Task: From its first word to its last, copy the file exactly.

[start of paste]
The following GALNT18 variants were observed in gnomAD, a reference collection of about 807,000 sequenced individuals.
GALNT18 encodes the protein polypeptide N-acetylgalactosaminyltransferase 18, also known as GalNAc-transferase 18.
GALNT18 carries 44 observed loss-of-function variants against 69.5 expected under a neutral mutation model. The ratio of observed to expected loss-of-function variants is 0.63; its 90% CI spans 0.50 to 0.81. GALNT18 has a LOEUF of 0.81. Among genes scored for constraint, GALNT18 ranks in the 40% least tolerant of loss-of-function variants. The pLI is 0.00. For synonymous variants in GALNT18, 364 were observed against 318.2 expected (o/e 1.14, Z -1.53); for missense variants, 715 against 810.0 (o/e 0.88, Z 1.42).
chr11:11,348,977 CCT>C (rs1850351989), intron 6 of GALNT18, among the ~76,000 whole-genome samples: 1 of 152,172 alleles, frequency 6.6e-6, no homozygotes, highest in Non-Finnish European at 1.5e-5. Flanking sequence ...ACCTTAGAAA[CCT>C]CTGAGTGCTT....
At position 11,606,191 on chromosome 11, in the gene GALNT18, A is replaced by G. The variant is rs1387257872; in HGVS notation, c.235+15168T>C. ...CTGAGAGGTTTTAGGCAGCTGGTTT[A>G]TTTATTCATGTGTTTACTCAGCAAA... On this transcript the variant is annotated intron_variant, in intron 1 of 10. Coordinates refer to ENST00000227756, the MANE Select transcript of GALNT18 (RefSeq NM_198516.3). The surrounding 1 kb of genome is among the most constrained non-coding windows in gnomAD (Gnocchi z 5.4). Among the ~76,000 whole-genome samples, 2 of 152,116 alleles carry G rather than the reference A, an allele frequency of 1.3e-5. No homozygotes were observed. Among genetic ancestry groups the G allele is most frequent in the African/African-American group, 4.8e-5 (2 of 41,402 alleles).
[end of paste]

The following GALNT18 variants were observed in gnomAD, a reference collection of about 807,000 sequenced individuals.
GALNT18 encodes the protein polypeptide N-acetylgalactosaminyltransferase 18, also known as GalNAc-transferase 18.
GALNT18 carries 44 observed loss-of-function variants against 69.5 expected under a neutral mutation model. The ratio of observed to expected loss-of-function variants is 0.63; its 90% CI spans 0.50 to 0.81. GALNT18 has a LOEUF of 0.81. Among genes scored for constraint, GALNT18 ranks in the 40% least tolerant of loss-of-function variants. The pLI is 0.00. For synonymous variants in GALNT18, 364 were observed against 318.2 expected (o/e 1.14, Z -1.53); for missense variants, 715 against 810.0 (o/e 0.88, Z 1.42).
chr11:11,348,977 CCT>C (rs1850351989), intron 6 of GALNT18, among the ~76,000 whole-genome samples: 1 of 152,172 alleles, frequency 6.6e-6, no homozygotes, highest in Non-Finnish European at 1.5e-5. Flanking sequence ...ACCTTAGAAA[CCT>C]CTGAGTGCTT....
At position 11,606,191 on chromosome 11, in the gene GALNT18, A is replaced by G. The variant is rs1387257872; in HGVS notation, c.235+15168T>C. ...CTGAGAGGTTTTAGGCAGCTGGTTT[A>G]TTTATTCATGTGTTTACTCAGCAAA... On this transcript the variant is annotated intron_variant, in intron 1 of 10. Coordinates refer to ENST00000227756, the MANE Select transcript of GALNT18 (RefSeq NM_198516.3). The surrounding 1 kb of genome is among the most constrained non-coding windows in gnomAD (Gnocchi z 5.4). Among the ~76,000 whole-genome samples, 2 of 152,116 alleles carry G rather than the reference A, an allele frequency of 1.3e-5. No homozygotes were observed. Among genetic ancestry groups the G allele is most frequent in the African/African-American group, 4.8e-5 (2 of 41,402 alleles).